Incorporating Customer Feedback into Your Product Roadmap: A Short Guide
Customer feedback is key when building a product roadmap.
But with a plethora of channels available for your users to share what’s on their minds, comes the harrowing task of hunting and gathering feedback from social, email, chat and that pesky form on your website that is integrated with yet another channel.
Even if you manage to take care of the first step, you need to track ongoing conversations on social media, prioritize feature requests and updates, and very importantly, keep everyone posted about the progress.
That’s a lot of stuff to take care of while you’re already probably struggling to keep up with your to-do list (if you have one of course; here’s an argument for not using one at all).
While I would love to talk more about making to-do lists work for you, I will keep the discussion focused on managing feedback and minimizing the effort that goes into building a product roadmap that your customers appreciate and your team loves.
I’d like to let you know that Make recently moved to Canny to manage feedback and feature requests so what you read hereon is based on first-hand experience.
For those who haven’t heard of Canny, it’s a ridiculously simple yet powerful tool to collect feedback and feature requests, get others to vote on them to group similar requests and keep everyone engaged by letting them know when the status of a request is changed.
In essence, you can either build a product roadmap by scrambling through feedback and guessing the most useful features, or you can empower your customers to collaborate and prioritize the most-needed features as well as make informed decisions based on the persona of the customers requesting a particular update.
We took the second approach and besides the obvious benefit of saving a lot of time, here are some of the biggest benefits we have seen so far:
1. No more decision fatigue
A product-centric company like ours can hardly prevent our team from obsessing over improvements, let alone thinking about the myriad possibilities presented by each new feature request.
Therefore, even though we had a solid way to track the number of times a particular app, update or feature was requested via our official support channel, we were constantly struggling to include feedback and requests received on our thriving Facebook community as well as social media channels.
As a result, we didn’t have accurate data on the most sought after features and identifying users from our social channels was mostly guesswork. The natural outcome was decision fatigue when prioritizing features and updates.
But since we implemented Canny and made it the only place to accept requests, deciding what to build next doesn’t leave the team guessing and debating, it just needs a few clicks to see the most-voted features.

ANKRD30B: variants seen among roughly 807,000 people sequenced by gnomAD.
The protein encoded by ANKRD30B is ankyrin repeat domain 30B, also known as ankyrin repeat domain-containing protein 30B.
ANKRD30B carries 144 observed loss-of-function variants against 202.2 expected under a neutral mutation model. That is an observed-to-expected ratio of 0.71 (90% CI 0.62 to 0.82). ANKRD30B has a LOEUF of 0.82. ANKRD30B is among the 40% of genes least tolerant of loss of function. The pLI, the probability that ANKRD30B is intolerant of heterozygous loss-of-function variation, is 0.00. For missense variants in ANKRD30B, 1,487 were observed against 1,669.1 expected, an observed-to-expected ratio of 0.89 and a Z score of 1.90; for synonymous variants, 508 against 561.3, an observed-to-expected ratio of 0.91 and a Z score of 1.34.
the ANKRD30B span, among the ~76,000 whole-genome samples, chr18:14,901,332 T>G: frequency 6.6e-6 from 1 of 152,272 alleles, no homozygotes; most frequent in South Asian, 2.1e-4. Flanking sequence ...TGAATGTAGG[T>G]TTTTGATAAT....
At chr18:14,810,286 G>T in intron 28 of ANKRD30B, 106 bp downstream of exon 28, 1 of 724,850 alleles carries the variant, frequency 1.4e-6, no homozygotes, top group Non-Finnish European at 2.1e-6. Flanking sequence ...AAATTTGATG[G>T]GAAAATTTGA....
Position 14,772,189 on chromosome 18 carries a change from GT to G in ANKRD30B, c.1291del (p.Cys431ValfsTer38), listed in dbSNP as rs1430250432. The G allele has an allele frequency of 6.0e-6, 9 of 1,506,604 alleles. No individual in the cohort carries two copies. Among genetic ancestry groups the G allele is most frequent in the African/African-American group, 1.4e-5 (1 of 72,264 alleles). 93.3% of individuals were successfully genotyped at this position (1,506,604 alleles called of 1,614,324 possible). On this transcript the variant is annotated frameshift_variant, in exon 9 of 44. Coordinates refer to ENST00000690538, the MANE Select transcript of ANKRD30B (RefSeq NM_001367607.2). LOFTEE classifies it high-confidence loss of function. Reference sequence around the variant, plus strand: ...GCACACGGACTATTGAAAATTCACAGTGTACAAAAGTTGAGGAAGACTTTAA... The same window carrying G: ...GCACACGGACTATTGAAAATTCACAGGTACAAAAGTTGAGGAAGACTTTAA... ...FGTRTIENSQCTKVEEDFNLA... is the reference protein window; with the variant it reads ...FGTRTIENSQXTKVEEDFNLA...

2. Streamlined communication and happier users
For any growing company, there ought to be dissatisfied users whose requests are not prioritized.
While it’s important to accept that we cannot make everyone happy, we knew that we had to find a scalable way for each of them to voice their opinion and share feedback in an open, collaborative environment.
While we made sure that we were always listening, it was hard for us to track all the requests submitted by a user and impossible to keep one posted whenever one’s request was being planned or was in progress.
And though we did let one know once a request had been implemented, it was a manual task fraught with potential lags — something one doesn’t expect from a company whose very premise is automation of manual tasks.
With Canny, we let users create requests with ease in a standardized format, upvote existing ones, and also let them know when a request has been acted upon. As you may agree, acknowledgment is key to customer happiness.
3. Validation of planned features
While it’s quintessential to let customers contribute to your product roadmap, it’s equally important to validate the features planned by your own team.
And the best way to do this is to gather quick feedback from real customers before dedicating resources to conduct one-on-one interviews.
Canny has enabled us to do that quite efficiently and in some cases, has helped us identify clear winners, eliminating the need for validation via customer interviews.
Collaboration makes everything better and letting our users do so has helped us in ways more than one.
We no longer have requests scattered or lying in unattended silos. Our customers have a place to share feedback which is separate from our official support channel, which has resulted in reduced redundancy and increased efficiency.
If your team is overwhelmed with support tickets, feature requests, product prioritization, and customer complaints, go ahead and give Canny a try.
And to automatically import requests and feedback from other channels into Canny or to integrate it with the tools you already use, check out the triggers, actions, and searches supported by Make or take a look at Canny’s native integrations.